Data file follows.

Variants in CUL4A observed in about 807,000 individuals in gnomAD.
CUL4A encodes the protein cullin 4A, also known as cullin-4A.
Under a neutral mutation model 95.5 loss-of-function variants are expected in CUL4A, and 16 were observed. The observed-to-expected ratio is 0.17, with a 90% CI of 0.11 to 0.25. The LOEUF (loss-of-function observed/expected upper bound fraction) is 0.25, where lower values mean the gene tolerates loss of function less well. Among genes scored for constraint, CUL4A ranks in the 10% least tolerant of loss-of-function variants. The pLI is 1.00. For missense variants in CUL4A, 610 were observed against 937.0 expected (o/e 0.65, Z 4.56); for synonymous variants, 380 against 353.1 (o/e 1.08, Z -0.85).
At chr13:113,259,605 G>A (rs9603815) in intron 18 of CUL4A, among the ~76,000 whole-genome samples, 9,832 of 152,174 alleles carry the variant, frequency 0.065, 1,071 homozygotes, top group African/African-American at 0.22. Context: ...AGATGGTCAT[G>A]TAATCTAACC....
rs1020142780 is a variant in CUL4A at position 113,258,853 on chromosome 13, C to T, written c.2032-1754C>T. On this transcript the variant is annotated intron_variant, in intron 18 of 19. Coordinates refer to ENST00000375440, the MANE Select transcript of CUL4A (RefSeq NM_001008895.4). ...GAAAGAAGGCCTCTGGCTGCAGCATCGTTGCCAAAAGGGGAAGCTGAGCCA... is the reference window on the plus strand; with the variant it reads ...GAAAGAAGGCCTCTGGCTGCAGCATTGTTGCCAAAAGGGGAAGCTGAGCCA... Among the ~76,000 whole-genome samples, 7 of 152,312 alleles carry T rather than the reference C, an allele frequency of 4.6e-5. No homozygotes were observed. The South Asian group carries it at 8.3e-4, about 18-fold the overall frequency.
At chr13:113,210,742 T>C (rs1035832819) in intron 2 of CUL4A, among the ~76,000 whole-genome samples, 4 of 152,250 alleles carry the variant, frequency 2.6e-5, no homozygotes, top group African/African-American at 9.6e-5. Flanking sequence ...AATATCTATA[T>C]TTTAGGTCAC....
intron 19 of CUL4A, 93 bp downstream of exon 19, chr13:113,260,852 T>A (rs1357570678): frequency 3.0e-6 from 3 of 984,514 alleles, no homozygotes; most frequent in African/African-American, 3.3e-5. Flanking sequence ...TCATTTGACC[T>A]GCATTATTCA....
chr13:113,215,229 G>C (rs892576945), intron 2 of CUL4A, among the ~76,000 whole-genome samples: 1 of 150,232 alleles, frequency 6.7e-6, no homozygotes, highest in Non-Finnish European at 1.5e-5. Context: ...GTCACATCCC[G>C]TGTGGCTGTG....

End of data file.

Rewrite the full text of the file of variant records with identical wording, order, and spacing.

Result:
Variants in CUL4A observed in about 807,000 individuals in gnomAD.
CUL4A encodes the protein cullin 4A, also known as cullin-4A.
Under a neutral mutation model 95.5 loss-of-function variants are expected in CUL4A, and 16 were observed. The observed-to-expected ratio is 0.17, with a 90% CI of 0.11 to 0.25. The LOEUF (loss-of-function observed/expected upper bound fraction) is 0.25, where lower values mean the gene tolerates loss of function less well. Among genes scored for constraint, CUL4A ranks in the 10% least tolerant of loss-of-function variants. The pLI is 1.00. For missense variants in CUL4A, 610 were observed against 937.0 expected (o/e 0.65, Z 4.56); for synonymous variants, 380 against 353.1 (o/e 1.08, Z -0.85).
At chr13:113,259,605 G>A (rs9603815) in intron 18 of CUL4A, among the ~76,000 whole-genome samples, 9,832 of 152,174 alleles carry the variant, frequency 0.065, 1,071 homozygotes, top group African/African-American at 0.22. Context: ...AGATGGTCAT[G>A]TAATCTAACC....
rs1020142780 is a variant in CUL4A at position 113,258,853 on chromosome 13, C to T, written c.2032-1754C>T. On this transcript the variant is annotated intron_variant, in intron 18 of 19. Coordinates refer to ENST00000375440, the MANE Select transcript of CUL4A (RefSeq NM_001008895.4). ...GAAAGAAGGCCTCTGGCTGCAGCATCGTTGCCAAAAGGGGAAGCTGAGCCA... is the reference window on the plus strand; with the variant it reads ...GAAAGAAGGCCTCTGGCTGCAGCATTGTTGCCAAAAGGGGAAGCTGAGCCA... Among the ~76,000 whole-genome samples, 7 of 152,312 alleles carry T rather than the reference C, an allele frequency of 4.6e-5. No homozygotes were observed. The South Asian group carries it at 8.3e-4, about 18-fold the overall frequency.
At chr13:113,210,742 T>C (rs1035832819) in intron 2 of CUL4A, among the ~76,000 whole-genome samples, 4 of 152,250 alleles carry the variant, frequency 2.6e-5, no homozygotes, top group African/African-American at 9.6e-5. Flanking sequence ...AATATCTATA[T>C]TTTAGGTCAC....
intron 19 of CUL4A, 93 bp downstream of exon 19, chr13:113,260,852 T>A (rs1357570678): frequency 3.0e-6 from 3 of 984,514 alleles, no homozygotes; most frequent in African/African-American, 3.3e-5. Flanking sequence ...TCATTTGACC[T>A]GCATTATTCA....
chr13:113,215,229 G>C (rs892576945), intron 2 of CUL4A, among the ~76,000 whole-genome samples: 1 of 150,232 alleles, frequency 6.7e-6, no homozygotes, highest in Non-Finnish European at 1.5e-5. Context: ...GTCACATCCC[G>C]TGTGGCTGTG....